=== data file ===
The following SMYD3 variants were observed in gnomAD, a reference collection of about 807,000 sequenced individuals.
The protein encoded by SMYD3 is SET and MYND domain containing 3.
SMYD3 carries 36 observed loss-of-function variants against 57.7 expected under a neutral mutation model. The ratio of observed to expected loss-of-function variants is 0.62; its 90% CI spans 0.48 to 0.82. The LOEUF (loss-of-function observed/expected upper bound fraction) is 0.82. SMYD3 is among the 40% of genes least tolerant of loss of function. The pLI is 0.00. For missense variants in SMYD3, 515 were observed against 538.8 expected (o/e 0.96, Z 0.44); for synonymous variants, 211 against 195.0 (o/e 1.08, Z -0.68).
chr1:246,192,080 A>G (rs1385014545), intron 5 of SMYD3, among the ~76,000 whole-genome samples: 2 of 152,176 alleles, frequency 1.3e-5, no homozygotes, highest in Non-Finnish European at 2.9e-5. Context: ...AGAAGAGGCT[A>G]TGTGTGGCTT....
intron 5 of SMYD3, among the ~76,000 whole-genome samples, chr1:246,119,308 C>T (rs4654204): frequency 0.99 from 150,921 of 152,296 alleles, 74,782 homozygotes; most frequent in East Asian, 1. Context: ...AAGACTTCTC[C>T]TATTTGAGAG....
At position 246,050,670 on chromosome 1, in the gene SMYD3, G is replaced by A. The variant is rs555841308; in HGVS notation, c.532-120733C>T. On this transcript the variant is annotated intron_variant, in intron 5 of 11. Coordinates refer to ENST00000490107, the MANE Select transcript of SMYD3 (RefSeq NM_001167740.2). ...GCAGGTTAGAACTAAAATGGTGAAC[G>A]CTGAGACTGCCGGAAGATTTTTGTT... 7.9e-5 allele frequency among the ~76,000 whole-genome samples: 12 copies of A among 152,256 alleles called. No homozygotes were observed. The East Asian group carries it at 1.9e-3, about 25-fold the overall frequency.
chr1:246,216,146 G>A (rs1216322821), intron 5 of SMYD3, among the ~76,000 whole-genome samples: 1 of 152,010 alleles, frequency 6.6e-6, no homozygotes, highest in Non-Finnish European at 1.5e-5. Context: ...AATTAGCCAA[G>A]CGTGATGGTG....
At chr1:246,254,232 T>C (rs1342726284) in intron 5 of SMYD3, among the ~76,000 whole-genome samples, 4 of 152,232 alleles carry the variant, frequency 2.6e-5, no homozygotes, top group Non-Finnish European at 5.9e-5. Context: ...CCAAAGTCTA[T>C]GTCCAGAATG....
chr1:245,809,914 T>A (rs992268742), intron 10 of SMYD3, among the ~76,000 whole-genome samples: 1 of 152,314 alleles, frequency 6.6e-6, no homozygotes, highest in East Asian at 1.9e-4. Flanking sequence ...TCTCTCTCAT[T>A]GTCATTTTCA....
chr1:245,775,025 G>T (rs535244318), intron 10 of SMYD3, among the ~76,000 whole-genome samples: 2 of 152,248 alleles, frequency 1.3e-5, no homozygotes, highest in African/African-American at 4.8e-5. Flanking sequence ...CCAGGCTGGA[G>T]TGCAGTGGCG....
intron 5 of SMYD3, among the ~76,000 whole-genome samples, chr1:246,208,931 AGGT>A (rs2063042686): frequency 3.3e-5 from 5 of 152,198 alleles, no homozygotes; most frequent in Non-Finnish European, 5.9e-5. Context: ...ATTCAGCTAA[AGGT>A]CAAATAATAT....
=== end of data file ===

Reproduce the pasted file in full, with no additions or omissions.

The following SMYD3 variants were observed in gnomAD, a reference collection of about 807,000 sequenced individuals.
The protein encoded by SMYD3 is SET and MYND domain containing 3.
SMYD3 carries 36 observed loss-of-function variants against 57.7 expected under a neutral mutation model. The ratio of observed to expected loss-of-function variants is 0.62; its 90% CI spans 0.48 to 0.82. The LOEUF (loss-of-function observed/expected upper bound fraction) is 0.82. SMYD3 is among the 40% of genes least tolerant of loss of function. The pLI is 0.00. For missense variants in SMYD3, 515 were observed against 538.8 expected (o/e 0.96, Z 0.44); for synonymous variants, 211 against 195.0 (o/e 1.08, Z -0.68).
chr1:246,192,080 A>G (rs1385014545), intron 5 of SMYD3, among the ~76,000 whole-genome samples: 2 of 152,176 alleles, frequency 1.3e-5, no homozygotes, highest in Non-Finnish European at 2.9e-5. Context: ...AGAAGAGGCT[A>G]TGTGTGGCTT....
intron 5 of SMYD3, among the ~76,000 whole-genome samples, chr1:246,119,308 C>T (rs4654204): frequency 0.99 from 150,921 of 152,296 alleles, 74,782 homozygotes; most frequent in East Asian, 1. Context: ...AAGACTTCTC[C>T]TATTTGAGAG....
At position 246,050,670 on chromosome 1, in the gene SMYD3, G is replaced by A. The variant is rs555841308; in HGVS notation, c.532-120733C>T. On this transcript the variant is annotated intron_variant, in intron 5 of 11. Coordinates refer to ENST00000490107, the MANE Select transcript of SMYD3 (RefSeq NM_001167740.2). ...GCAGGTTAGAACTAAAATGGTGAAC[G>A]CTGAGACTGCCGGAAGATTTTTGTT... 7.9e-5 allele frequency among the ~76,000 whole-genome samples: 12 copies of A among 152,256 alleles called. No homozygotes were observed. The East Asian group carries it at 1.9e-3, about 25-fold the overall frequency.
chr1:246,216,146 G>A (rs1216322821), intron 5 of SMYD3, among the ~76,000 whole-genome samples: 1 of 152,010 alleles, frequency 6.6e-6, no homozygotes, highest in Non-Finnish European at 1.5e-5. Context: ...AATTAGCCAA[G>A]CGTGATGGTG....
At chr1:246,254,232 T>C (rs1342726284) in intron 5 of SMYD3, among the ~76,000 whole-genome samples, 4 of 152,232 alleles carry the variant, frequency 2.6e-5, no homozygotes, top group Non-Finnish European at 5.9e-5. Context: ...CCAAAGTCTA[T>C]GTCCAGAATG....
chr1:245,809,914 T>A (rs992268742), intron 10 of SMYD3, among the ~76,000 whole-genome samples: 1 of 152,314 alleles, frequency 6.6e-6, no homozygotes, highest in East Asian at 1.9e-4. Flanking sequence ...TCTCTCTCAT[T>A]GTCATTTTCA....
chr1:245,775,025 G>T (rs535244318), intron 10 of SMYD3, among the ~76,000 whole-genome samples: 2 of 152,248 alleles, frequency 1.3e-5, no homozygotes, highest in African/African-American at 4.8e-5. Flanking sequence ...CCAGGCTGGA[G>T]TGCAGTGGCG....
intron 5 of SMYD3, among the ~76,000 whole-genome samples, chr1:246,208,931 AGGT>A (rs2063042686): frequency 3.3e-5 from 5 of 152,198 alleles, no homozygotes; most frequent in Non-Finnish European, 5.9e-5. Context: ...ATTCAGCTAA[AGGT>A]CAAATAATAT....